AC: CSP brands spend billions on marketing and advertising. We all see the cool campaigns, promising clever, money-saving price plans and promotions, painting new services and devices as the must-have gateways to a better connected you. Yet that brand promise is shattered when the first bill lands – a cold, poorly constructed, difficult to decipher demand for payment. It feels like there’s a gun to your head to pay now or else. The friendly brand that enticed you in now shows a less welcoming side. A cold, confusing, unfriendly side that is at odds with what you thought you signed up for. That brand that offered you ‘Life in Colour’ or the promise of ‘getting thanks like you’ve never been thanked before’ is a far cry from the stark demand for payment issued every month.
It is estimated that 30-70% of customers look at that unfriendly bill every month. Shouldn’t they be having as good an experience as possible, one in line with the branding used to woo them in? Just think of the marketing dollars you spend on sophisticated direct marketing efforts to achieve a mere 3% open rate.
The desire to change this situation and help CSPs was the goal for Brite:Bill when we started and has only grown over the years. The challenge for the CSP is to provide a presentation layer that resides outside of current systems and processes that allow for more nimble response to issues – and provide for more customer self-help across platforms. The jumbled, messy legacy systems many CSPs use and the prohibitive costs associated with modernisation mean that the bill has been seen as too difficult to improve meaningfully; but where there is a will there is a way.
This has proven to be Brite:Bill’s opportunity, to help our customers along the maturity curve of world-class billing communications.
VP: Can you talk us through the path CSPs can take to change their billing communications?
AC: We’ve identified four distinct stages on the journey to better billing. In my experience, these stages help CSPs assess their current state and provide a path towards transforming their most important communication into their very best communication.
The first stage is the base level which involves generic bills. These see every customer get the same type of bill and bills are tightly coupled with the billing engine and difficult to change. These are the prime driver of billing-related calls to customer care.
The second stage involves building trust and transparency which can start to be achieved with improved bill design and by applying the principles of an information architecture to the bill. Such bills are highly flexible, easy to change and enable CSPs to drive continuous improvements.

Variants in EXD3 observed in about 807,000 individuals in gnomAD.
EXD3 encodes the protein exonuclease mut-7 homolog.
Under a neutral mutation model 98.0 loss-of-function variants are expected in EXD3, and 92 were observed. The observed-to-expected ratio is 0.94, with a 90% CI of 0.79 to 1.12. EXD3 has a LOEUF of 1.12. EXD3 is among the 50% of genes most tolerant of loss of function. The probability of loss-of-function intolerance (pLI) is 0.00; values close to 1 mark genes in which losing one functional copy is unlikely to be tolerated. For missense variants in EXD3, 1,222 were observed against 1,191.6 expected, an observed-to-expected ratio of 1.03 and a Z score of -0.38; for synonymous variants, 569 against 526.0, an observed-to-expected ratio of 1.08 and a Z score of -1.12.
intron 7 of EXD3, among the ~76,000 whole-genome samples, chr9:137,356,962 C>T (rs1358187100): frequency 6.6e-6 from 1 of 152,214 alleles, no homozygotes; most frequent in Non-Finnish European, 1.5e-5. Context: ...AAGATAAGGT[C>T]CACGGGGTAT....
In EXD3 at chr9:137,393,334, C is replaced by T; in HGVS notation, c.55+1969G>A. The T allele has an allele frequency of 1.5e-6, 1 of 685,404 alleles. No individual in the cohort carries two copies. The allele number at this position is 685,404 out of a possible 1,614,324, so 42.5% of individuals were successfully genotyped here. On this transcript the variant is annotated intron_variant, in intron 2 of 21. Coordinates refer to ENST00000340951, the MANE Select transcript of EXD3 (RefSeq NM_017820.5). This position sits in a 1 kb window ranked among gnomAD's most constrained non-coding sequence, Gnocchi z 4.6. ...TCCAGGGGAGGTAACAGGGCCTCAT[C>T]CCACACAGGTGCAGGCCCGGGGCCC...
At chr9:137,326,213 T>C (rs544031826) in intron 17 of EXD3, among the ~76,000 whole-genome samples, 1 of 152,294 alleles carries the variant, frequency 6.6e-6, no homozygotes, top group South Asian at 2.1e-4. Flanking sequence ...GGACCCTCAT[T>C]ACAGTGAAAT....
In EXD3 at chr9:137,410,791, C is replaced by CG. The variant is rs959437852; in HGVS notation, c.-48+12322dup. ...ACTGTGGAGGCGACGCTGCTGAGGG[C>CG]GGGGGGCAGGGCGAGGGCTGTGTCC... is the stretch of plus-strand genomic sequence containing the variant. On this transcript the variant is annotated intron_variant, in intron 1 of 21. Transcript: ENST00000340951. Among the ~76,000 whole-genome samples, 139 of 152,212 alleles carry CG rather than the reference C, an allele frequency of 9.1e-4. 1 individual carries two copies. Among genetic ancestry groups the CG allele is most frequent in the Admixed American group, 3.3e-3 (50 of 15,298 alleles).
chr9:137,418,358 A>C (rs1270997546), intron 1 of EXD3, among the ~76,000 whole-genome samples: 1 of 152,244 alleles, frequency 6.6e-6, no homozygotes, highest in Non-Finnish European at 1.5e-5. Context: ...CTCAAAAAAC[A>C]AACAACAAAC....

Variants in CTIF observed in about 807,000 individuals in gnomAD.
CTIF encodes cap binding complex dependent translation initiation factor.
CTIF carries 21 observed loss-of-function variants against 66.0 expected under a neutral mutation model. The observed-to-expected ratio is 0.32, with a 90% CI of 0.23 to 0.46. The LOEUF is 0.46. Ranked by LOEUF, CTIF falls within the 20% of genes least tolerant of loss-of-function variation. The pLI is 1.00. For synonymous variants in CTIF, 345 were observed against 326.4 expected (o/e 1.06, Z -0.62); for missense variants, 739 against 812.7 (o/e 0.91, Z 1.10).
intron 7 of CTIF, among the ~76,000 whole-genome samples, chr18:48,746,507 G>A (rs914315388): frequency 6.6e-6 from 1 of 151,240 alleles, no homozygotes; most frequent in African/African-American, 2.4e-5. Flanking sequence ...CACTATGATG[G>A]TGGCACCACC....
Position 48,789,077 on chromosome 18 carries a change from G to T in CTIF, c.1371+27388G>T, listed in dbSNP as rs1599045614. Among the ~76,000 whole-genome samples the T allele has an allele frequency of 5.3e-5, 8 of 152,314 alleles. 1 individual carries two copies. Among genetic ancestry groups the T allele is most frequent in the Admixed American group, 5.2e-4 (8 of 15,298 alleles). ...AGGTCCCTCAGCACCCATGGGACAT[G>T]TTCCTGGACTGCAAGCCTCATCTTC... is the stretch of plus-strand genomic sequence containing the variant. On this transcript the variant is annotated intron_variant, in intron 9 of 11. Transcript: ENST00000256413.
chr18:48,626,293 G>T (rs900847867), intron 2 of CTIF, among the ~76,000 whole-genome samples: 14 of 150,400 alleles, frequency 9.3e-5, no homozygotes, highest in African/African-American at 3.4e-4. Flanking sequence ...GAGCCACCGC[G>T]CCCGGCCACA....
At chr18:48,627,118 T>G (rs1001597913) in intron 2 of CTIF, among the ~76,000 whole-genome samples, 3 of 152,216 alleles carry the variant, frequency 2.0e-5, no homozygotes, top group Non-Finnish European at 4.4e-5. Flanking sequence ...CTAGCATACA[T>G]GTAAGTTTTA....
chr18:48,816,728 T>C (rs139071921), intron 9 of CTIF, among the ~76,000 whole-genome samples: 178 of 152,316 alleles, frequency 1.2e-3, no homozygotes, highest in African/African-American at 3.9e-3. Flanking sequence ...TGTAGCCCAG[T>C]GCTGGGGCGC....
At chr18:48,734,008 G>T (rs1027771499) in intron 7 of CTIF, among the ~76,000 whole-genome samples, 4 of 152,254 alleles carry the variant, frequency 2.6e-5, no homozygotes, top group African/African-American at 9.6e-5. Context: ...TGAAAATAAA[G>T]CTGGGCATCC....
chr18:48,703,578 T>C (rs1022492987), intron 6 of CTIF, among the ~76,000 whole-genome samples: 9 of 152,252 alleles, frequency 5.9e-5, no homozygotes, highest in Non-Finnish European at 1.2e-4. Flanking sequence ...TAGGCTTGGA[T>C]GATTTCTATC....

The next stage is for the billing communications to become proactive and pre-emptive. Dynamic personalisation enables bills to be changed based on what is in the billing data and other adjacent systems. Such bills are proactive and tailored for each recipient and that means contextual, situationally-aware cross-selling on the bill can be successful.
The final stage is billing with an emphasis on developing the customer relationship over time. This sees atomic, enriched, personalised billing data made available in a real-time API to power other customer experiences that require usage data. In addition, such billing communications should be ready for next generation support and marketing such as chat bots or voice artificial intelligence.
VP: Do you think CSPs have understood the benefits of billing communications and the necessary steps they need to go through to improve them?
AC: Moving through these stages is challenging but do-able. Some forward thinking CSPs are already well down the path to stage four, with their customer billing relationships now an integral part of how they continuously improve the customer experience of their brand.
About a month ago, the chief customer officer of a North American CSP told me something that stuck with me. She told me that when measuring customer satisfaction all you’re really measuring is the delta between the expectations you set in the selling process and the experience you actually deliver post-purchase. We want CSPs to continue setting high expectations because in truth, the products they sell really do enable people to live richer more connected lives. We help them deliver a customer experience that finally matches those high expectations.